Copyright 1996 Reed Business Information, Inc. --This text refers to an alternate Hardcover edition.

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MANY YEARS LATER, as he faced the firing squad, Colonel Aureliano Buendia was to remember that distant afternoon when his father took him to discover ice. Read the first page
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Customer Reviews

Most helpful customer reviews
4 of 4 people found the following review helpful
4.0 out of 5 stars Gripping May 31 2009
This book is a terrific example of Marquez's magical realism. Moves quickly and captures your attention; don't pick this book up if you have something to do, it is very difficult to put down. I read it more than once, you see a different perspective each time!

Highly recommended!
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3 of 3 people found the following review helpful
4.0 out of 5 stars Masterfully Woven Words Dec 12 2009
Gabriel weaves his words like a master. His words are like a warm blanket on a cold day. I enjoyed the literary art of this book very much but didn't enjoy the story line. The book is about numerous generations of the Buendia family; their struggles, their triumphs, their strengths, their weaknesses. There were many interpersonal struggles; between the family members as well as between the family and the society they live in. Personally, it wasn't that interesting to me at all. However, I read on because of the skill and passion in which this book is written. Gabriel Marquez sews words together as a master painter shades colours and creates dimension on a canvas.
If you enjoy true literature as well as history and human relationships, I think you would thoroughly enjoy this book. If you love literature, even if the story sounds boring (which I found it to be a bit) it is worth the read, if only to see a master in action.
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3 of 3 people found the following review helpful
4.0 out of 5 stars Exquisitely depressing Dec 19 2003
This book should be on your list of must-read great books. It is a long and elaborate story of unrequited love, family, and loneliness. However wonderful, it is almost morbidly depressing so for your own mental health read it when you feel strong!
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3 of 3 people found the following review helpful
1.0 out of 5 stars 100 Years of Absolute Torture! Aug. 7 1999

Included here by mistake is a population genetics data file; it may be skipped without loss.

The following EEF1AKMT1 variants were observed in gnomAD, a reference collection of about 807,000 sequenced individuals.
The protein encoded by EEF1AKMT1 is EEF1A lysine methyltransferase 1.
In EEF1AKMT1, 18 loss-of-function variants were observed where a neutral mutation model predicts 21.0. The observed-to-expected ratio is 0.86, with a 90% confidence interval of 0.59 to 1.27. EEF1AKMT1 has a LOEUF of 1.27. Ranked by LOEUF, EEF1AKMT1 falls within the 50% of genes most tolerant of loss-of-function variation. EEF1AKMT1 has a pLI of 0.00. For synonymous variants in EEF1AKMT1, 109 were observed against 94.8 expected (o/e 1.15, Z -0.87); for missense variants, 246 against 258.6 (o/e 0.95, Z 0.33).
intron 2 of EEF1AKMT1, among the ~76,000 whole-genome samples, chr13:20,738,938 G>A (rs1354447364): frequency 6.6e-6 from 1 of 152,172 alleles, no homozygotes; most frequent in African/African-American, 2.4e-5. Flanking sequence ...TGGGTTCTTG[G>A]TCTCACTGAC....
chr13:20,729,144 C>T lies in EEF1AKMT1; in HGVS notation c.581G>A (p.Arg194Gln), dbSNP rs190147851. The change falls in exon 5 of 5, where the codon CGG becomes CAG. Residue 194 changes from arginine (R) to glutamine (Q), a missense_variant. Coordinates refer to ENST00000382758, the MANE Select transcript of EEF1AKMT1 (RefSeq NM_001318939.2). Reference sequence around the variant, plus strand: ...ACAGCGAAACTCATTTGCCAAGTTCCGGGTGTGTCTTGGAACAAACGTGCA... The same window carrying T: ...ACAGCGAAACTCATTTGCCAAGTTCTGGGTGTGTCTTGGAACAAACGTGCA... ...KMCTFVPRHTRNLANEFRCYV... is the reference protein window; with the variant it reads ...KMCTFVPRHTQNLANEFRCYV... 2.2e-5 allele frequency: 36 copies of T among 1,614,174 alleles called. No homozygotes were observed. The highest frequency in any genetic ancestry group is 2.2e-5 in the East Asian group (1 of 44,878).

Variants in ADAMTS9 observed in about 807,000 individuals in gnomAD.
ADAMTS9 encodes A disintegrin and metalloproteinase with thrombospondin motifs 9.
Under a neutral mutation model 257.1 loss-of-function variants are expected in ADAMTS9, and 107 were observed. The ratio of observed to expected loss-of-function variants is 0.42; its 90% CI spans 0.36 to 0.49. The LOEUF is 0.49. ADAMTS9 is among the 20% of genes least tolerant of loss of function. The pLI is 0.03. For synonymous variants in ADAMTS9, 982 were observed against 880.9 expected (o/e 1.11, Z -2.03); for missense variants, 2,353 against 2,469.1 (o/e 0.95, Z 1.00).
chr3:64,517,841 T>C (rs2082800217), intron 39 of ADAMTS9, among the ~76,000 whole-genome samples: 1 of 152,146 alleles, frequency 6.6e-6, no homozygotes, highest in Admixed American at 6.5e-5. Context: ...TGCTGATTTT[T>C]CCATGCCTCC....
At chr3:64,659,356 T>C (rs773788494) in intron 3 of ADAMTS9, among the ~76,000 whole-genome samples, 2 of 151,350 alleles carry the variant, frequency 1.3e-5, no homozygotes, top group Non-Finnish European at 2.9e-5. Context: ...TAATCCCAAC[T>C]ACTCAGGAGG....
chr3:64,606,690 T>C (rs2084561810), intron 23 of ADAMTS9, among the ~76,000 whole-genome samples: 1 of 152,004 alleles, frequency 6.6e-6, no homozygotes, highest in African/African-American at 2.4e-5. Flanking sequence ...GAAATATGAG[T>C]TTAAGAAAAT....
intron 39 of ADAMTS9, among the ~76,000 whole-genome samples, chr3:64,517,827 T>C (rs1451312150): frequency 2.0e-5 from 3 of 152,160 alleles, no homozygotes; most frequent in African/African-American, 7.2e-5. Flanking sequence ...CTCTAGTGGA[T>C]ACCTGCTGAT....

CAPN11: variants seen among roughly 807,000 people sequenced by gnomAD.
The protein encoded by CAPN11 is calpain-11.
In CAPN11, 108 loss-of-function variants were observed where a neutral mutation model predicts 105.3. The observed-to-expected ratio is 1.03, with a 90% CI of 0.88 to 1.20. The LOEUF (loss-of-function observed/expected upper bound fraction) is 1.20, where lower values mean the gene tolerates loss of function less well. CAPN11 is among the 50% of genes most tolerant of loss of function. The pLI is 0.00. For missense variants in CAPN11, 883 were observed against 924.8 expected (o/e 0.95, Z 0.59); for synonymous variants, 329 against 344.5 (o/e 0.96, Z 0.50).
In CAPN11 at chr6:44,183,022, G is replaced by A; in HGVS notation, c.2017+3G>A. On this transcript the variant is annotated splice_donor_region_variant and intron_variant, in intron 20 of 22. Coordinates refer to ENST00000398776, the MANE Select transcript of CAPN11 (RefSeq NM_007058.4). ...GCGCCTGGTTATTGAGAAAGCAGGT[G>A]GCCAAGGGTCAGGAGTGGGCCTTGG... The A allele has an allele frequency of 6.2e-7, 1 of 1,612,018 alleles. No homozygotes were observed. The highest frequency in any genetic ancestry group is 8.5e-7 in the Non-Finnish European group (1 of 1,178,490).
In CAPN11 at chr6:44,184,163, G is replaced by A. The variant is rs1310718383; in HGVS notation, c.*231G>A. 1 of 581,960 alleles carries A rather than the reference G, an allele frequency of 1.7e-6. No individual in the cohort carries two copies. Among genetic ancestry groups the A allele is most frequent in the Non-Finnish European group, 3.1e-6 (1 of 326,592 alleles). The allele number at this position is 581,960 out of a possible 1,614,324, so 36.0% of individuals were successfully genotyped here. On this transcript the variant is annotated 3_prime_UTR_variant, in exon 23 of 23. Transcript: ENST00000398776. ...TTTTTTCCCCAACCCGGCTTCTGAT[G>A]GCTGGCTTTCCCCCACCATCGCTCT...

By A Customer
This book is long, dull, boring and confusing. It lacks the passion that makes Love in The Time of Cholera so beautiful. It make "Tess of the D'Urburvilles" look like a fast-paced romp. I wouldn't recommend this book to anyone
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2 of 2 people found the following review helpful
One Hundred Years of Solitude" is a compelling if challenging read. It overflows with creativity, history, magic, and characters with the same names. Yes, there are many Jose Arcadios, even more Aurelianos and more than one Amaranta in the same family, often at the same time. But, once one makes use of the character genealogy at the beginning it is not to hard to keep track of the respective characters.

What makes 100 years such a compelling read is its incredible blending of the fantastical with realism. Marquez blends detailed accounts of absolutely impossible events with equally detailed accounts of completely plausible or historically known events with such equanimity of importance as to make them indistinguishable to the plot. And it works. Works better than anything written before or since that has had the label Magic Realism attached to it.

The reason that this novel is so successful is threefold. First, his characters are completely charismatic, as is his writing, you will find yourself with an undeniable affection for the story from the end of the first chapter on, I guarantee it. Second, the aspects of the story brushed with magic, fully half of the novel, are perfectly done, magical happenings emerging out of everyday circumstances and being reabsorbed into everyday life fluidly and seamlessly. Third, the cutting realism of the story, accurate down to the detail balances the whimsical.

A novel not to be missed, with a great ending and a wealth of well crafted circumstances written in prose that makes the heart wrenching as compelling as the beautiful, and makes the hundred year history of the Buendia family of Macondo one of the most rewarding reads available.
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2 of 2 people found the following review helpful